In the case of the upcoming Presidential Elections, I expect that they will only publish figures for the whole of Singapore. This is unfortunate, because detailed results would be a very valuable resource for political scientists and other researchers trying to understand voting behaviour in Singapore. (OK, yes, it would be very valuable for politicians, too, but right now, only one party has the resources to be able to collate electoral data across Singapore. And if you believe them, they are not endorsing any presidential candidate so would not have any counting agents in the counting centres to report results to them. OK, this also requires me to assume that there is a separation between party and government, but lets’s not get into that for now.)

Please contact me at PE2011@ngiam.net if you are interested in participating in this project. What you will need to do:

  1. Sign up as a Counting Agent for any candidate. Doesn’t matter which one. This is a non-partisan project, so ideally there will be a spread of participants across the candidates.
  2. Print out the Excel template in this link (http://db.tt/90PR8OT) before you go for counting. Things will get rushed when the results start coming out so best to prepare in advance.
  3. There will be 4-6 counting tables at each counting centre. Be sure to record the counting place number, polling district number and the name of polling station for each of the tables.
  4. Record the number of votes for each candidate for each of the counting places when the results are announced. I expect the number of spoilt votes to be higher than in the last GE, so be sure to also record the number of rejected ballots.
  5. Send the results back to me at PE2011@ngiam.net. For the moment, email will do but if response is overwhelming I will think of something else.
Finally, if anyone has any connections to the candidates’ campaigns and is able to help me obtain the list of counting centres and polling districts, I would really appreciate it so that I can perform some error checking.
Please send this link to anyone you know who will be acting as a counting agent and email me at PE2011@ngiam.net if you have any questions.

GE2011: Micro-polling results from one counting centre

In an interview after the May 2011 General Election, a retiring PAP Minister alluded to the oaths of secrecy taken by candidates and advised reporters not to publish suggestions that any particular division in a Group Representation Constituency (GRC) had lower support for the ruling party because that could not be verified and might be wrong.[1]

The Minister was only partially correct. The oath of secrecy that she was referring to is a reminder to candidates and their agents that individuals’ votes are secret. Regardless of whether an oath is taken or not, the Parliamentary Elections Act prohibits anyone from attempting to determine who any particular voter voted for [2]. This is one of the ways in which the law backs up the principle “Your vote is secret.”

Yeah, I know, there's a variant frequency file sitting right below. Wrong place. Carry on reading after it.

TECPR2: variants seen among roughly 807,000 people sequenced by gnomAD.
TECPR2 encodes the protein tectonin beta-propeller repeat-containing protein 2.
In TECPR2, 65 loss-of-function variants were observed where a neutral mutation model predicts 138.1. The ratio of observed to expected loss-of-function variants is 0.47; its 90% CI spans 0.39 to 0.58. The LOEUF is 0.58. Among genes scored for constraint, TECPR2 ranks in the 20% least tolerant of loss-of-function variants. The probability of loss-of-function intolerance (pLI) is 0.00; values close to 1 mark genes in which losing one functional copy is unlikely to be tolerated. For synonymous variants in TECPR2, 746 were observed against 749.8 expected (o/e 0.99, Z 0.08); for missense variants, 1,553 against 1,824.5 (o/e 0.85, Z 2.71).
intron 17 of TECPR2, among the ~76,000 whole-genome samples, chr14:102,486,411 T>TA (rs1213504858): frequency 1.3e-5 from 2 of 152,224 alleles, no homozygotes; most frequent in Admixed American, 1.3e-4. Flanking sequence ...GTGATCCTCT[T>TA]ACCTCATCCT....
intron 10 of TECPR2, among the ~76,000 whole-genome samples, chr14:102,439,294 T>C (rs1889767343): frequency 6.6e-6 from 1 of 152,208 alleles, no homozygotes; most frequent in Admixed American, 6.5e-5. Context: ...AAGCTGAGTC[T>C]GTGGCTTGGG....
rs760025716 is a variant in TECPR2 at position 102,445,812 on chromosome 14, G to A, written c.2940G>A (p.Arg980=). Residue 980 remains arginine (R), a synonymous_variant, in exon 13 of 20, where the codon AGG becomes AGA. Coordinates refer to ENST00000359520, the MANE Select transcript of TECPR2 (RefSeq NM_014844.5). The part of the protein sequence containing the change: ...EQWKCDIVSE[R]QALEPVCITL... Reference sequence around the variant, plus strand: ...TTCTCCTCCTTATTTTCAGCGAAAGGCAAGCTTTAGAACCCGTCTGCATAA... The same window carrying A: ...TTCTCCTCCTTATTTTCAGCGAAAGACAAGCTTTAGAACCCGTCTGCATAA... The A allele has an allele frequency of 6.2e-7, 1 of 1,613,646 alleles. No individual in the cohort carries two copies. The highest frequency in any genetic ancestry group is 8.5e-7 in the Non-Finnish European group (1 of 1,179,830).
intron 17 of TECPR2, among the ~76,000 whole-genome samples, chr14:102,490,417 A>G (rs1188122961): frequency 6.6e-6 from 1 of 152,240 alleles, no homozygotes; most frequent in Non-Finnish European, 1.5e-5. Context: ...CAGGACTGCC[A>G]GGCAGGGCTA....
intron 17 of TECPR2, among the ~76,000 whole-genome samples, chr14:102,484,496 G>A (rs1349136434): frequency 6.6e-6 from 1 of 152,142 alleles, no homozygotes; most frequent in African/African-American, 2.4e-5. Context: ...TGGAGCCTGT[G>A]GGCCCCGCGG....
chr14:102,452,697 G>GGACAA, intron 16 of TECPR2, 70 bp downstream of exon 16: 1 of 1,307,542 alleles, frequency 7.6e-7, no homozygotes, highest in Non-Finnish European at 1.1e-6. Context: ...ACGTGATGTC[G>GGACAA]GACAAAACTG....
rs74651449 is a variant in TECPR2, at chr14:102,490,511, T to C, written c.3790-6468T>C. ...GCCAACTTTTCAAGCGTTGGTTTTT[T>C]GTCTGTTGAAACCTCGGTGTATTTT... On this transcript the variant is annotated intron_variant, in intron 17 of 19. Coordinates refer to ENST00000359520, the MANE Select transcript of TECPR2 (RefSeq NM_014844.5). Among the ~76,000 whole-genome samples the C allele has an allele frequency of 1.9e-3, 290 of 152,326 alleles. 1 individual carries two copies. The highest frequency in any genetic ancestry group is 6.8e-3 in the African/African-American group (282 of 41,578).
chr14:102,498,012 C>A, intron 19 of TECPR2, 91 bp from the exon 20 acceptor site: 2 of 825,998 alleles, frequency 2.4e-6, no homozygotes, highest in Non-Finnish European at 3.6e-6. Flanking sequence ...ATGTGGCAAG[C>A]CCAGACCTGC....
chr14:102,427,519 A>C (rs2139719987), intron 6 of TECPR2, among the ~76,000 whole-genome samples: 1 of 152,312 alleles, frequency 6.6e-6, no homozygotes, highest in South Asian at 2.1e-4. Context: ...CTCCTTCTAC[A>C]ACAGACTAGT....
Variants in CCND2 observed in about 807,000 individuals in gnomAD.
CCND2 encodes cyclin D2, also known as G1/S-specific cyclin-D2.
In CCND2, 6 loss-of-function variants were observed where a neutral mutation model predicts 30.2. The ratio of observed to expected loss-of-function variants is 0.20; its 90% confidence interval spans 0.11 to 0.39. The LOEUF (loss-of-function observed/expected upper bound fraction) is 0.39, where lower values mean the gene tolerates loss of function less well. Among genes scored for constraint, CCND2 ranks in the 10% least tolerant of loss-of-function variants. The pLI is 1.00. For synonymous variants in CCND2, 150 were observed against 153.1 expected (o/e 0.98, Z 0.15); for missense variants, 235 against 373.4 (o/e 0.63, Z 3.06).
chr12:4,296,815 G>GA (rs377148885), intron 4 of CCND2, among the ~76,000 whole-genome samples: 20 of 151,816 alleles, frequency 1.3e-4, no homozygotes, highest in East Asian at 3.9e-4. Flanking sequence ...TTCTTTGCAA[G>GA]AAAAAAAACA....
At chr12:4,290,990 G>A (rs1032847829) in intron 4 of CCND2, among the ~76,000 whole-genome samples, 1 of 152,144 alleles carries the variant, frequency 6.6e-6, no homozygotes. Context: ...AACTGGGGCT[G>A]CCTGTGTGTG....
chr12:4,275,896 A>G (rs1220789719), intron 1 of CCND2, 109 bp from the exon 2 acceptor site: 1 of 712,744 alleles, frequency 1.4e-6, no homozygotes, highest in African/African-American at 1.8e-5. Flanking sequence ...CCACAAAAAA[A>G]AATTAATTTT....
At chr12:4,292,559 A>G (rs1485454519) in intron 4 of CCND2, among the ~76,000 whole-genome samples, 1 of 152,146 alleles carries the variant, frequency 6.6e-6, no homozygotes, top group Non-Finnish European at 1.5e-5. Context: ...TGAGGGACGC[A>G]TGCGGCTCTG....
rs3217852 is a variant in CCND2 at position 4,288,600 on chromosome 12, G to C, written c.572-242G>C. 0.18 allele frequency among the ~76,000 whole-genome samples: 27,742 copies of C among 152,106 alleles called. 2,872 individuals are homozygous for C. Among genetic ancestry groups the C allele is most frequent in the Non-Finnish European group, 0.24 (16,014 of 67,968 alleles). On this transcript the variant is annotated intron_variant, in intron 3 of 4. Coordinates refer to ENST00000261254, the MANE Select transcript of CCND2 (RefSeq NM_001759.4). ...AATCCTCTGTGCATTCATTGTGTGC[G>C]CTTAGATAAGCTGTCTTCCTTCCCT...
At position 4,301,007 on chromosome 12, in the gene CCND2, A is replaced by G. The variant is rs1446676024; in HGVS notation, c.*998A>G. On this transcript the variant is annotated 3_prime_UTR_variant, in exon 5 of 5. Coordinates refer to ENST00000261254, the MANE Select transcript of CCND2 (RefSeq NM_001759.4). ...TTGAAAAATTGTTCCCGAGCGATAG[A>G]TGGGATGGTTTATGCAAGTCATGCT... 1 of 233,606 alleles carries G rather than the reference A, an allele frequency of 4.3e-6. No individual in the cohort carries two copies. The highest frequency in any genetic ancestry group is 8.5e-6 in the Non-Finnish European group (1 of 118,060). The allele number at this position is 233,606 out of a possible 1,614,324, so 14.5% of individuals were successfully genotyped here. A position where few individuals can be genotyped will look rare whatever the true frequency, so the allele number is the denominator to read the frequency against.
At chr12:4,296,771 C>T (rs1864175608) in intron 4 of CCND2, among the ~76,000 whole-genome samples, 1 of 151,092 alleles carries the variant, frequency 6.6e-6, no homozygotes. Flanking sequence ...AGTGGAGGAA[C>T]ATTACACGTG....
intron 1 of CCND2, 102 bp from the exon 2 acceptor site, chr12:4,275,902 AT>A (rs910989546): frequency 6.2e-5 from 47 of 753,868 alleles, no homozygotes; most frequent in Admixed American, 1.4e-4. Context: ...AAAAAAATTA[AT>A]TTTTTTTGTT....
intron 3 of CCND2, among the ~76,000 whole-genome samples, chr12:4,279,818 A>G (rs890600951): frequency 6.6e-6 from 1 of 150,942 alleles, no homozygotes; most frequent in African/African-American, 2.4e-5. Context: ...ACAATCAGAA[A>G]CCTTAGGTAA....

However, while the law prohibits any attempts to determine how a particular person voted, it does not prohibit disclosure of the total vote count for a Polling District. The Assistant Returning Officer is specifically required to announce results over the table at the conclusion of counting of the votes for a polling district, in the presence of any of the candidates or counting agents who are there. Again, this is one of the means by which we ensure transparency of the vote count. It is the responsibility of candidates to total up the reports from all their counting agents and compare that with the final results announced by the Returning Officer.

As PM Goh Chok Tong put it in 1997, “Each party- Workers’ Party, People’s Action Party – will have counting agents at the counting station. It is not something secret, which the PAP knows and the other side does not. It is transparent, it is clear as daylight. If a counting agent is alert when votes are counted, they will know how each precinct votes.”[3]

Prior to the 1997 general election, all ballot papers for a constituency were mixed together prior to counting. By 1997, however, GRCs had grown so large that it was clearly impractical to mix together over 100,000 ballot papers. Vote-counting was therefore decentralized but with the safeguard that the smallest unit at which results could be resolved would be the polling district. Polling districts appear to have shrunk over time[4] but each polling district still consists of 2,000-4,000 voters. While this is adequate to ensure the secrecy of any individual’s or household’s vote, the government has since 1996 linked upgrading of HDB neighbourhoods to the level of that neighbourhood’s support for the PAP. In the absence of public domain data on voting patterns by polling district, however, it is impossible for outside observers to verify the extent to which the government has followed through on this threat.

More recently, when electoral boundaries were redrawn prior to the 2011 election, seven polling districts were transferred from Aljunied to Ang Mo Kio GRC, and two more were transferred to Pasir Ris-Punggol GRC. The Workers’ Party (WP) accused the government of gerrymandering and stated that they had “significant support” in the polling districts that were transferred out of Aljunied [6]. Since they had contested that constituency before, however, they could have strengthened their case by revealing the actual vote percentages of those polling districts compared to other parts of the GRC in the 2006 election.